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There's a new way for Instagram users to make an online purchase: Sliding into brands' DMs.
The news: Parent company Meta on Monday announced new features that allow Instagram users to order an item within a direct message on the platform. This includes capabilities to communicate with businesses about products and make a purchase directly from them. It all happens without leaving the chat.
How it works: In line with an ecommerce purchase flow, Instagram laid out three parts of the in-direct message process:
- Communicate with brands and businesses: Users can request information about an item, including chatting about customizations. This enables businesses to confirm product details, Instagram says.
- Place an order: Once a user decides they want to buy, businesses will be able to create a payment request with a product description and price. Users will be able to order the item from the business, and complete checkout using Meta Pay.
- Post-purchase: Instagram will also allow tracking of orders, and enable users to ask follow-up questions.
- The fine print: The feature is only available to businesses who set up their digital storefront.
Key stat: Meta says one billion people send messages to businesses across its apps each week. “We want to help people start conversations with businesses they care about and help them find and buy products they love in an easy, seamless experience, right from the chat thread,” the company said.
Social commerce on Instagram, a brief history: Instagram has long been an important channel for brands to reach consumers, as its photo-centered format provided an opportunity to show off their products via partnerships with influencers. More recently, Instagram has been rolling out features that enable users to connect directly with brands and make purchases from them within the app. These social commerce product releases have included:
- Shopping Stickers: When Instagram debuted Stories, shopping became a part of the feature in 2018 in the form of stickers that allowed users to tap for more details about a product.
- Checkout: In 2019, Instagram introduced tools that enabled users to make a purchase without leaving the app.
- Shops on Instagram: In 2020, Instagram rolled out full-screen storefronts where brands could present products, as well as tell their stories. This was an upgrade to a shopping feature that Instagram initially experimented with in 2016, in which brands could add shoppable photo tags.
- Going live: With a shop up and running, Instagram then rolled out additional features for brands to reach users. This included the capability to create a collection of products to be featured in live shopping events and Drops to showcase new releases. It also added a “view product” button to Reels that allowed shopping in its short-form video content.
- Product tagging for all: Earlier in 2022, Instagram opened up product tagging that was long available to brands and creators to anyone using the platform.
Where do DMs fit? It’s the latest example of how Instagram is bringing shopping to each facet of the platform. There are many different ways that brands can encourage shopping on Instagram, and this adds a new surface to the mix. Direct messages have long been a way to connect one-to-one with users for marketing. Now, they're a place to finalize a purchase, as well.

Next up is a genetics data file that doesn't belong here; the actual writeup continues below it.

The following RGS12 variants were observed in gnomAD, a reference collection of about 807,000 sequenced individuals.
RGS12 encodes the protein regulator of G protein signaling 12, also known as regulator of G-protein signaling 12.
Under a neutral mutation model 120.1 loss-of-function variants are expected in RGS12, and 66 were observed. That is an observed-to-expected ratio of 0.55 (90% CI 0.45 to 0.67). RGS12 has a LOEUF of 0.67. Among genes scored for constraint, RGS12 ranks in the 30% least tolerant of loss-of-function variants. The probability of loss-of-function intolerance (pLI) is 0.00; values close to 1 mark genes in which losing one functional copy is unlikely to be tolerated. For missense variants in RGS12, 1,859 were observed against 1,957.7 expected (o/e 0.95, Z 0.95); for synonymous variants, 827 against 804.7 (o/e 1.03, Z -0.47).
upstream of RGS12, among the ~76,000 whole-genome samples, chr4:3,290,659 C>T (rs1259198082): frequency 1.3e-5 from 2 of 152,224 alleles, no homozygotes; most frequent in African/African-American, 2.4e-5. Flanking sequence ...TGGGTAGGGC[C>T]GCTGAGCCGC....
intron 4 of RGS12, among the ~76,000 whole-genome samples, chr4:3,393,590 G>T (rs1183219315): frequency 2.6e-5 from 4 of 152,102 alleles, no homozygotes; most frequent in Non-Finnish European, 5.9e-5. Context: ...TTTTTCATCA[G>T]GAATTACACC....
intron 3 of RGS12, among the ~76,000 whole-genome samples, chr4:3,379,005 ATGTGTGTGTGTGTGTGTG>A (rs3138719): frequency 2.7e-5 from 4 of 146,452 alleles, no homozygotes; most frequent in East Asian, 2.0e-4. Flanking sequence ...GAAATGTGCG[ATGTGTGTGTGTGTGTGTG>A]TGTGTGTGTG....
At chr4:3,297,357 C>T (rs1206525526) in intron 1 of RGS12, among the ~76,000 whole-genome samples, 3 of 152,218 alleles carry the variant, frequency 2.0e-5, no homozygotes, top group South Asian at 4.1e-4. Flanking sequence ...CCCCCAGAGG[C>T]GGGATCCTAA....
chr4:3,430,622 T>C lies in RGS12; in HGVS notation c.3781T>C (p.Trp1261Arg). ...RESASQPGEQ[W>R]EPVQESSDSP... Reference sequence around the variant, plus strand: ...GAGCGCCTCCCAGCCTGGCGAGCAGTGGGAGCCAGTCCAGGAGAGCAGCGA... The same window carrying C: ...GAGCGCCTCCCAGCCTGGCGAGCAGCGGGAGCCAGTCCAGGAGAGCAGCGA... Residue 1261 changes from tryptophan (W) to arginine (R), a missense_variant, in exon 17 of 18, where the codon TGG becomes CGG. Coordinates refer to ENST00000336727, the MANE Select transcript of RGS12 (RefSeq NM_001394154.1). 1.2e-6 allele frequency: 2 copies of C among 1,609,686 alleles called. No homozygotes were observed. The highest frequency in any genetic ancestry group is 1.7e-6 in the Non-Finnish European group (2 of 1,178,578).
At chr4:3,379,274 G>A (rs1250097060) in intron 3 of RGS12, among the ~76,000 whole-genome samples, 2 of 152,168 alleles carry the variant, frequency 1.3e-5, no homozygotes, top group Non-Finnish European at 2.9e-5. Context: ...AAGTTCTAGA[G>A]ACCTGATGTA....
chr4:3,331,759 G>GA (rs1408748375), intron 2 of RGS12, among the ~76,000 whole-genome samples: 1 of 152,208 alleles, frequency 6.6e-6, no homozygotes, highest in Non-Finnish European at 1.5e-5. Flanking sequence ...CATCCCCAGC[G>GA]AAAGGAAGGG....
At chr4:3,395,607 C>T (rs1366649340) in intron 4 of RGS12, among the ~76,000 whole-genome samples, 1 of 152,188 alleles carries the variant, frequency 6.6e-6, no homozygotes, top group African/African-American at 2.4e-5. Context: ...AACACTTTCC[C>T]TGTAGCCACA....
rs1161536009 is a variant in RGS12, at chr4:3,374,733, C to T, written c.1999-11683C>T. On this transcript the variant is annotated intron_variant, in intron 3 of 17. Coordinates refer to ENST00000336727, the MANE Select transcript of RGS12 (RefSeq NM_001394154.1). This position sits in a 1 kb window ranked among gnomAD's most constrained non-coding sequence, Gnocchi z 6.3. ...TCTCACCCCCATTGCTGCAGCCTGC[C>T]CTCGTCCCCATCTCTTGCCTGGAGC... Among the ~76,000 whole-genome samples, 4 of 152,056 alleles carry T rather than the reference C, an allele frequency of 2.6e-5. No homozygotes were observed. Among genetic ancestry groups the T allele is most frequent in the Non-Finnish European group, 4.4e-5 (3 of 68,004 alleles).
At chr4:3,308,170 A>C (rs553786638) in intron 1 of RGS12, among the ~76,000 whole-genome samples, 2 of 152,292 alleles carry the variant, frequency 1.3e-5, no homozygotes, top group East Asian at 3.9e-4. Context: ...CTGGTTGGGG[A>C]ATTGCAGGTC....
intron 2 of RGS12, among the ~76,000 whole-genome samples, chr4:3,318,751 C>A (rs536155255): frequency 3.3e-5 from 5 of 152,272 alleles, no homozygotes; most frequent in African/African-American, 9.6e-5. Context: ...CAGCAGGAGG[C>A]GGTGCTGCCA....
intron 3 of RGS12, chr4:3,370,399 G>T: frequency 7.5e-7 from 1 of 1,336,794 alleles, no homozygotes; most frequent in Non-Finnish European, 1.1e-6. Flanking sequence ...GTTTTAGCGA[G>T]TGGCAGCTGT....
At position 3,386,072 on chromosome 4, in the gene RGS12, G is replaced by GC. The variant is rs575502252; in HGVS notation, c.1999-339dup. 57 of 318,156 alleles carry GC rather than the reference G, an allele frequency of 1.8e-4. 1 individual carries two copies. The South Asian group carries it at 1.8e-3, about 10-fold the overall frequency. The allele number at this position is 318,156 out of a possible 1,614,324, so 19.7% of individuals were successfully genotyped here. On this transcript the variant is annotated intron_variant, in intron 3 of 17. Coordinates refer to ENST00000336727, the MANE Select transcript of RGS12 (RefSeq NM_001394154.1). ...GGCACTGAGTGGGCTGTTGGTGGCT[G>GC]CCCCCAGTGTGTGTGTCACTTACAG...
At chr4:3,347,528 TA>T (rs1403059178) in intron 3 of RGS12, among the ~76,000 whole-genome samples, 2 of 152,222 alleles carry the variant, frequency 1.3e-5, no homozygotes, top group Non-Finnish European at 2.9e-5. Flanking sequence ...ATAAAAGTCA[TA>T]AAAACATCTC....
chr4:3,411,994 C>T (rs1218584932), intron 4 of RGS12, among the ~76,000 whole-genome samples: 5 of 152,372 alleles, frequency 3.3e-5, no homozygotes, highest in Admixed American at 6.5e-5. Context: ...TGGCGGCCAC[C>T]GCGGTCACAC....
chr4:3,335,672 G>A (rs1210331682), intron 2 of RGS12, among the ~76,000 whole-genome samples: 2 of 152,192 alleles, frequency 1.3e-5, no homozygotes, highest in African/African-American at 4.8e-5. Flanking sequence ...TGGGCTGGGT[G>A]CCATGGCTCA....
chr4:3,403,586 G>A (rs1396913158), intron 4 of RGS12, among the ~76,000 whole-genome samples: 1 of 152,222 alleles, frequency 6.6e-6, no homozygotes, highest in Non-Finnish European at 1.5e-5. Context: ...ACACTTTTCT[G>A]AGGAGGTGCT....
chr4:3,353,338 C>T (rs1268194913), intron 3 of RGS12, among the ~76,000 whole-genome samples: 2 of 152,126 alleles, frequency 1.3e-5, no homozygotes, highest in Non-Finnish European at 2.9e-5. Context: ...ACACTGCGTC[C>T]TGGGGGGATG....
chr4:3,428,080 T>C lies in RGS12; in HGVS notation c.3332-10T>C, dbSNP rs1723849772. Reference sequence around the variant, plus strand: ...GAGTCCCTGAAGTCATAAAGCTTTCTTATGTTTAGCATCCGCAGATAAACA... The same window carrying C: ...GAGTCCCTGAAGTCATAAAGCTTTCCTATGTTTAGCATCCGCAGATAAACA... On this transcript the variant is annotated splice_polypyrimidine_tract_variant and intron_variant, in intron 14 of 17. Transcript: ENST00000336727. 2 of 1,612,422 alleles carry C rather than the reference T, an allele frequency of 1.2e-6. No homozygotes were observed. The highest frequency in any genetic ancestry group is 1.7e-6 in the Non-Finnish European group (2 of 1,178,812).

What does it mean for the development of social commerce? One school of thought on social commerce is that it will mean enabling the full range of activities associated with an ecommerce purchase to happen within a social media platform. Many of the existing functionalities on Instagram are centered around inspiring discovery of a brand or its products. At the same time, businesses already use direct messages to communicate with customers. With the new in-chat purchasing, Instagram is offering a way to complete a purchase and track an order through a feature that is core to the app.
One more thing: Reading through Instagram’s announcement today, one dichotomy comes to mind with the new features: While payments and order tracking can be automated, answering user questions pre- and post-purchase are likely the domain of humans. In fact, it makes a DM the venue for many customer service functions. That could make it an important site for customer experience. In some cases, brands and retailers have introduced chatbots for some of this work. Will they introduce automation on Instagram, and does Instagram have an integration to allow it?
They’ve got company: Instagram isn’t alone in its efforts to expand social commerce this year. The other big photo-centered social platforms are making moves, too. Snapchat is expanding augmented reality capabilities that are centered on browsing and buying products, while Pinterest recently signaled a big ecommerce push with the acquisition of personalized shopping app The YES, new features and the hiring of Google’s former commerce chief as CEO. Meanwhile, Twitter announced a partnership with Shopify to bolster its own Shops feature, and many brands are finding success reaching customers on TikTok.The bottom line: The social platforms are all centering shopping as they seek to adopt the lessons of the pandemic ecommerce boom for the long haul and seek new ways to grow revenue as digital advertising becomes more difficult amid privacy-oriented challenges. Plus, it's projected to be a $1.2 trillion market. Still, no platform has cracked social commerce yet. Each new feature is an experiment on the road to finding what resonates.
Trending in Shopper Experience
Product innovation, marketing and ecommerce helped boost sales 49% in the holiday quarter.